Greater love has no one than this, that someone lay down his life for his friends.
I love me a good love story and the Book of Ruth and her love story with Boaz is one of the romantic accounts of the Bible. But let’s not get ahead of ourselves because the story of Ruth begins in tears, in widowhood. I know a few widows and I know how society looks down upon, mistreats and generally maligns widows. Do not even get me started on young widows, the rumor mills are set on maximum speed as soon as the death of their spouse is made public. I can only image the pain and agony of being a widow in Ruth’s days and in our days.
Ruth is a widow of a foreigner. She is a Moabites (I loove the way mine pronounce this word). Her dead husband is an Israelite living in a Moab after their entire family left Bethlehem because of famine. Ruth is not the only widow, her mother in law Naomi is also a widow and her sister in law Orpah is also a widow; three widows in Moab. One day Naomi wakes up and decides to go back home, to Bethlehem. Only problem is, she has two widowed daughters in law. She decides to cut them off, politely so, by informing them that even if she were to give birth at that moment it would not be viable for them to wait. Orpah heads back home after wailing but Ruth clings onto Naomi and utters the famous words in Ruth 1:16-17
“Do not urge me to leave you or to return from following you. For where you go I will go, and where you lodge I will lodge. Your people shall be my people, and your God my God. Where you die I will die, and there will I be buried. May the Lord do so to me and more also if anything but death parts me from you.”
Good move Ruth. Good move. The two widows arrive in Bethlehem and the gossip mills are on overdrive. As Providence would have it, it is the beginning of the barley harvest time. So Ruth learns how things are done by Naomi and she gets to work to provide for both of them. Do you remember Leviticus 23:22; 19:9
“And when you reap the harvest of your land, you shall not reap your field right up to its edge, nor shall you gather the gleanings after your harvest. You shall leave them for the poor and for the sojourner: I am the Lord your God.”
Well, Boaz was one of those diligently walking in obedience to God’s command. And once again, as Providence would have it, Ruth finds herself gleaning in the land of Boaz. Boaz comes around his farm and voila! A new madam is in his farm gleaning, ofcourse meaning she either poor or a sojourner. He quickly enquires about her identity and when she is informed about her, it would seem Boaz immediately takes a liking to Ruth. Ruth is welcome at Boazland for the rest of harvest season. She goes home and tells Naomi all about it and brings some bounty from Honcho Boaz.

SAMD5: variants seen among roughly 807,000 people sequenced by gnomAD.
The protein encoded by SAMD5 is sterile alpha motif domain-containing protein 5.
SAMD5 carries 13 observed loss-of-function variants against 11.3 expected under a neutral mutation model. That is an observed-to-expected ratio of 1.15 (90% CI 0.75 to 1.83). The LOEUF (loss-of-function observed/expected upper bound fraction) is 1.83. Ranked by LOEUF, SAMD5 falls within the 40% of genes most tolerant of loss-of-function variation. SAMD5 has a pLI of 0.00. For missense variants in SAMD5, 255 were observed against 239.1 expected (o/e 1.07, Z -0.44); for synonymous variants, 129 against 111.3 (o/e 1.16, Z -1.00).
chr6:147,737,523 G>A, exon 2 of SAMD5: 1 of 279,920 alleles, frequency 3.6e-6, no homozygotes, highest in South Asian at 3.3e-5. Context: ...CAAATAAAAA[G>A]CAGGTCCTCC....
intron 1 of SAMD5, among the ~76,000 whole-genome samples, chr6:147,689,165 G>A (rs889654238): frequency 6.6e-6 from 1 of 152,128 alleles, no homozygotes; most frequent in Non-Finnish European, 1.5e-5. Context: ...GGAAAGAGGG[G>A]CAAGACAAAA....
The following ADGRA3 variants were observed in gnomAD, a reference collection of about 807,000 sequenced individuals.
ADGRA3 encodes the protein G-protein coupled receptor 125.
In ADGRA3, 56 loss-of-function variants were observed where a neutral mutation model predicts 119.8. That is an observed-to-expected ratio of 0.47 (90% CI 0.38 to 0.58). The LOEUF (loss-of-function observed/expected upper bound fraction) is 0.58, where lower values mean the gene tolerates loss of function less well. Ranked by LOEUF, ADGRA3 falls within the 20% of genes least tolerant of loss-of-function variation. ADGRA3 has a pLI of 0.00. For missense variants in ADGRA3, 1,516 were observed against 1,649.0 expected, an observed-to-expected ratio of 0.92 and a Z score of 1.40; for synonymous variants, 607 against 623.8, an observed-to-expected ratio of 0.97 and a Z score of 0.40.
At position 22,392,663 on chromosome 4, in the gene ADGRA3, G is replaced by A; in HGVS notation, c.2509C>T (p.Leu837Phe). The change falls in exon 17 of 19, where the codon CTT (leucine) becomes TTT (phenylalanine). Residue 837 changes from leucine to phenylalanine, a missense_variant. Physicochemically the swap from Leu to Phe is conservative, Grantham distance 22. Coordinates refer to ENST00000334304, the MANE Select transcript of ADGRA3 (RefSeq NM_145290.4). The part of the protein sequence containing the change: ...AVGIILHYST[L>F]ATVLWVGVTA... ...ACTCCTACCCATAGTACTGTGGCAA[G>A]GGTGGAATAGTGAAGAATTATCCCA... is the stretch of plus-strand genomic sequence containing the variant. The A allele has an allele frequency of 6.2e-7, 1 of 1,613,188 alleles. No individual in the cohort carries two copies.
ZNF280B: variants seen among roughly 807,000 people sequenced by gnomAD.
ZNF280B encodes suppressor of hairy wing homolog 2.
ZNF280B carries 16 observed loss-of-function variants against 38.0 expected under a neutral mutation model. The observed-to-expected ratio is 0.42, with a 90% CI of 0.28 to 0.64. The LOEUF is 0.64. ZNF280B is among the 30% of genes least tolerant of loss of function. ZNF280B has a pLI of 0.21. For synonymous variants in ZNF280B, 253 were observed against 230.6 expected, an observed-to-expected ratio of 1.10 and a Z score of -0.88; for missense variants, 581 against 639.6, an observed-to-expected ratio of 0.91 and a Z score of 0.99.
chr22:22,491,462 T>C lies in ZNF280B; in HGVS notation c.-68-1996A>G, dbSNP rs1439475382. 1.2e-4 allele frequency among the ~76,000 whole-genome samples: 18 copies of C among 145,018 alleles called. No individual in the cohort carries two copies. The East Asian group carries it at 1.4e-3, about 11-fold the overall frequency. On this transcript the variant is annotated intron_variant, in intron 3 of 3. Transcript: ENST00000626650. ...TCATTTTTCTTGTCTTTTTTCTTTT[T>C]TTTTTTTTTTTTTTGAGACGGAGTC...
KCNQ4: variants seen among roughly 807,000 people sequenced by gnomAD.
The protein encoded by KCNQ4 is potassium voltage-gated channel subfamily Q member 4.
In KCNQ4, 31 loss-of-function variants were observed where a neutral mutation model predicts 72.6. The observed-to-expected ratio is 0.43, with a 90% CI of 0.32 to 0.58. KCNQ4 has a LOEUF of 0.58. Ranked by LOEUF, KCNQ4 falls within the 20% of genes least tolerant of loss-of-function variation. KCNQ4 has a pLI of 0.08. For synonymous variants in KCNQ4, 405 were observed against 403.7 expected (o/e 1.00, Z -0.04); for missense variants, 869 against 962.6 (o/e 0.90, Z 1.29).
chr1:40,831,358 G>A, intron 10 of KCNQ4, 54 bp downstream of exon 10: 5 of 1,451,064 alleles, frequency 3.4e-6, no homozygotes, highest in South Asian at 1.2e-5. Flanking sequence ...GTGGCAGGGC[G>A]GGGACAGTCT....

In comes the concept of a Kinsman Redeemer; a concept well executed by Naomi, Ruth and Boaz. In essence a widow is redeemed so that the name of the deceased does not get lost. Naomi knows this all too well and she gives Ruth a crash course on what to do. Boaz does what he needs to do and Ruth get a husband and bears a son Obed.
The part Naomi plays of it is beautifully summarized by Sylvia Gunter:
“Sit still, My daughter, the apple of My eye, waiting as long as it takes, until you learn (know, perceive, understand, discern, and distinguish as truth) how the matter, thing, question, or cause will turn out, because surely the Man Christ Jesus, your Kinsman-Redeemer, will not by any means be idle, or silent, or have any peace until He finishes His purposes, working until the job is done, in His eternal now.”
Love is a beautiful thing. Ruth’s love and devotion towards Naomi. God’s love and devotion towards His children. Boaz’s love towards Ruth. Hesed is the Hebrew word that summarizes this type of love. It is rich. It includes kindness, Providence, care, protection, wisdom, procreation, preservation. It is an all encompassing love. And Ruth the Moabites gets to experience this love in all its fullness. She shares it with Naomi. She receives it from Naomi. She shares it with Boaz son of Rahab the prostitute and together they, two women considered as outsiders Providentially find themselves planted in the genealogy of Jesus the Son of God, Jesus the man from Nazareth. Behold what manner of love the Father has given unto us, that we should be called children of God – all of us, including those considered as ‘outsiders’
So now faith, hope, and LOVE abide, these three; but the greatest of these is love.
1 Corinthians 13:13